Peer Supporters’ Mental Health and Emotional Wellbeing needs: Key Factors and Opportunities for Co-Produced Training

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Abstract

Introduction: Peer supporters are a valuable asset to mental health and support services, but their own mental health needs are often overlooked in research and practice. This study explored peer supporters' perceived challenges of maintaining their mental health and emotional wellbeing and co‐produced training needs. Methods: A qualitative approach was used to explore factors affecting peer supporters' mental health and emotional wellbeing. Semi‐structured interviews and focus groups were conducted online with 11 peer supporters across North East England. Results: A thematic analysis identified: ‘Lack of training and support’, ‘Role ambiguity’ and ‘Emotional labour’ as challenges experienced by peer supporters in relation to maintaining their mental health and emotional wellbeing. Peer supporters' own lived experiences had the potential to act as a barrier towards providing support to others. Conflict with peer ‘supportees’ sometimes negatively impacted on the peer supporter experience. Participant responses emphasised a need for person‐centred, co‐produced training. Conclusion: This work highlights the need for targeted training for peer supporters, including both role‐specific education and strategies to support their mental health and emotional wellbeing. Patient or Public Contribution: Participants were contacted and asked to provide feedback on finalised themes to ensure the analysis was congruent with their experiences, further enabling the future development of an emotional wellbeing training programme for peer supporters.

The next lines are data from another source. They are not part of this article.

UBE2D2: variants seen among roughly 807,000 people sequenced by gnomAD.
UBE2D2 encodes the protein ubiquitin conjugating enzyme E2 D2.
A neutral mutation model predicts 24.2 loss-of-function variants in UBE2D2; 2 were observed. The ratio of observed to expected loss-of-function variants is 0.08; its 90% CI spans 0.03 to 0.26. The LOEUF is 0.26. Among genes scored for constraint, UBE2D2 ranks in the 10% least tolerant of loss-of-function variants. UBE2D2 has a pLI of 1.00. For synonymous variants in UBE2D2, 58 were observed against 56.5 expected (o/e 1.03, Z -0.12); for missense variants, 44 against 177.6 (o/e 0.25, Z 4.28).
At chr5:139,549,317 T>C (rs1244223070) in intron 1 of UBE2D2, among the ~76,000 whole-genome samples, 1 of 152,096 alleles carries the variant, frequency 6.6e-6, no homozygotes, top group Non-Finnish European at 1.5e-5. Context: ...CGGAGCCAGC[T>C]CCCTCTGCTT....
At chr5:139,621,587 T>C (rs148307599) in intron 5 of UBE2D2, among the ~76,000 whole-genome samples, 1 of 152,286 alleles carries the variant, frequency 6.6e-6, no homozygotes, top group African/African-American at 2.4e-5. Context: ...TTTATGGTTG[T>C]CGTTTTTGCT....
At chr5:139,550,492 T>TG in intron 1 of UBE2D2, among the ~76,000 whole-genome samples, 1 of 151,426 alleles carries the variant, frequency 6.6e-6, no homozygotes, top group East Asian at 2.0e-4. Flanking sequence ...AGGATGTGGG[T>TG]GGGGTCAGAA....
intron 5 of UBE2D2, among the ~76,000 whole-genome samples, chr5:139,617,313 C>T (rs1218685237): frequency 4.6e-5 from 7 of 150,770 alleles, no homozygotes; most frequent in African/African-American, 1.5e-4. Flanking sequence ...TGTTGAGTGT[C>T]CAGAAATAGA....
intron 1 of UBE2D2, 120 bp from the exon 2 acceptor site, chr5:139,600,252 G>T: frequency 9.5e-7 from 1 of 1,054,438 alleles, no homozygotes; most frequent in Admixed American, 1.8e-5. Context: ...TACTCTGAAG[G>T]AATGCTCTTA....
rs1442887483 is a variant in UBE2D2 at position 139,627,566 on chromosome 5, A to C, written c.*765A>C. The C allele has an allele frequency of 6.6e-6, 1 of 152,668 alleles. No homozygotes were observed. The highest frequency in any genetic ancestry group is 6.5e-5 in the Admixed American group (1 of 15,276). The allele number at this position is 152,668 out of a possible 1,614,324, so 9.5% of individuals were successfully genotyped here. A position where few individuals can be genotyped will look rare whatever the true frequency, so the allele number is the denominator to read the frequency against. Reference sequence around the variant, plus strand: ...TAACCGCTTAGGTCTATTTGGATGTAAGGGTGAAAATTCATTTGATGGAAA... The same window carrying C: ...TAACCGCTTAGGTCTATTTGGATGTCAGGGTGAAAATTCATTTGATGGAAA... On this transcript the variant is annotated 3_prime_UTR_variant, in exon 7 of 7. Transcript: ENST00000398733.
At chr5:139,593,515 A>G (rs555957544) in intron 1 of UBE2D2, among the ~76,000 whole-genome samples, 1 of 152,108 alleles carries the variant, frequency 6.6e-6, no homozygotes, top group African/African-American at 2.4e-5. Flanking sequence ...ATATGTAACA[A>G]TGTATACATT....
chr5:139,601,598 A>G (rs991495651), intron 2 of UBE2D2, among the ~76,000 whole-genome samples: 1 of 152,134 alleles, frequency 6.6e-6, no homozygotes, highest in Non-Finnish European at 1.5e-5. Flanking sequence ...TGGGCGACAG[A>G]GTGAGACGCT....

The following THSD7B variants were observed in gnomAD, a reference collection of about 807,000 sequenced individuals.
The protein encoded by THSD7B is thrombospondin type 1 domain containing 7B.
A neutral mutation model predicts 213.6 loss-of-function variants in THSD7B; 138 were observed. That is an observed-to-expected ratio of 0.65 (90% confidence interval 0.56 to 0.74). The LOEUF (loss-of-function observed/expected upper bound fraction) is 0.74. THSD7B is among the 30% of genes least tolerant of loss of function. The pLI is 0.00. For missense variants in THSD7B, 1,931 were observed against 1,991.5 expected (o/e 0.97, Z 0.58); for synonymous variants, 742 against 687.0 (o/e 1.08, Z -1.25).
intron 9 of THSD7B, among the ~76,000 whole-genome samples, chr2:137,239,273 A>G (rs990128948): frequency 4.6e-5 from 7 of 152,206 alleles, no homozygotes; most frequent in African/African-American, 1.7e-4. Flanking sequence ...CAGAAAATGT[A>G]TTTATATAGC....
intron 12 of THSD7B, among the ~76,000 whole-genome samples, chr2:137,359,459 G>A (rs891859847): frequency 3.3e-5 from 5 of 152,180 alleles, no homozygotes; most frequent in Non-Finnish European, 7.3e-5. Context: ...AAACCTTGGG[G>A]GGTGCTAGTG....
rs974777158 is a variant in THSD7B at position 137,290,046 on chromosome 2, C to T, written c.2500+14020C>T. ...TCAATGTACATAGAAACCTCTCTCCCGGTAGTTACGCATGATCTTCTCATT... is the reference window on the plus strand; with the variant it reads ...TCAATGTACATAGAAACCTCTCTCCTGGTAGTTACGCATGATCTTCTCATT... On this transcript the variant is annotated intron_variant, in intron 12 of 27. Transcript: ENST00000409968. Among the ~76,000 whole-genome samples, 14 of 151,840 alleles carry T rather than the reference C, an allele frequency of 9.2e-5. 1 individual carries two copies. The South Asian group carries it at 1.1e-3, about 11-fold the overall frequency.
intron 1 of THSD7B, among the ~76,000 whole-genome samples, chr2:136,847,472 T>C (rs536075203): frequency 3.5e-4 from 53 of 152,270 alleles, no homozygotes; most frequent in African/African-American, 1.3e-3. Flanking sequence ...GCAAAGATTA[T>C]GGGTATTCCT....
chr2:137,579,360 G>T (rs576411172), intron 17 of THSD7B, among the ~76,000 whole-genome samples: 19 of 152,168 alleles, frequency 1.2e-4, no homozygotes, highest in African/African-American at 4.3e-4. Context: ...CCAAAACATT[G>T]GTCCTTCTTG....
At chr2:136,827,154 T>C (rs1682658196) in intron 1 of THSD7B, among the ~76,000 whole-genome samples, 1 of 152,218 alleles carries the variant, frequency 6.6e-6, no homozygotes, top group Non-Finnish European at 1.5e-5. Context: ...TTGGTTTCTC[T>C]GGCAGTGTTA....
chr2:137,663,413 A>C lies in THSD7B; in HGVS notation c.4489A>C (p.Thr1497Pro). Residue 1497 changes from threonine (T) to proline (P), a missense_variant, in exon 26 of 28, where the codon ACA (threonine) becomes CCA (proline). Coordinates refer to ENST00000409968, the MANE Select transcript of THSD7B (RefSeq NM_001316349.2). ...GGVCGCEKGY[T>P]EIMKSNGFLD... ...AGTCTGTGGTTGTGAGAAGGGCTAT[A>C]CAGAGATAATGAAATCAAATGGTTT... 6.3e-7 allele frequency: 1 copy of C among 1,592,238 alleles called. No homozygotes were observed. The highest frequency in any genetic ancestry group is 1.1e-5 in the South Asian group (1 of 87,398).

Original languageEnglish
Number of pages9
JournalHealth Expectations
Early online date10 Aug 2023
DOIs
Publication statusE-pub ahead of print - 10 Aug 2023

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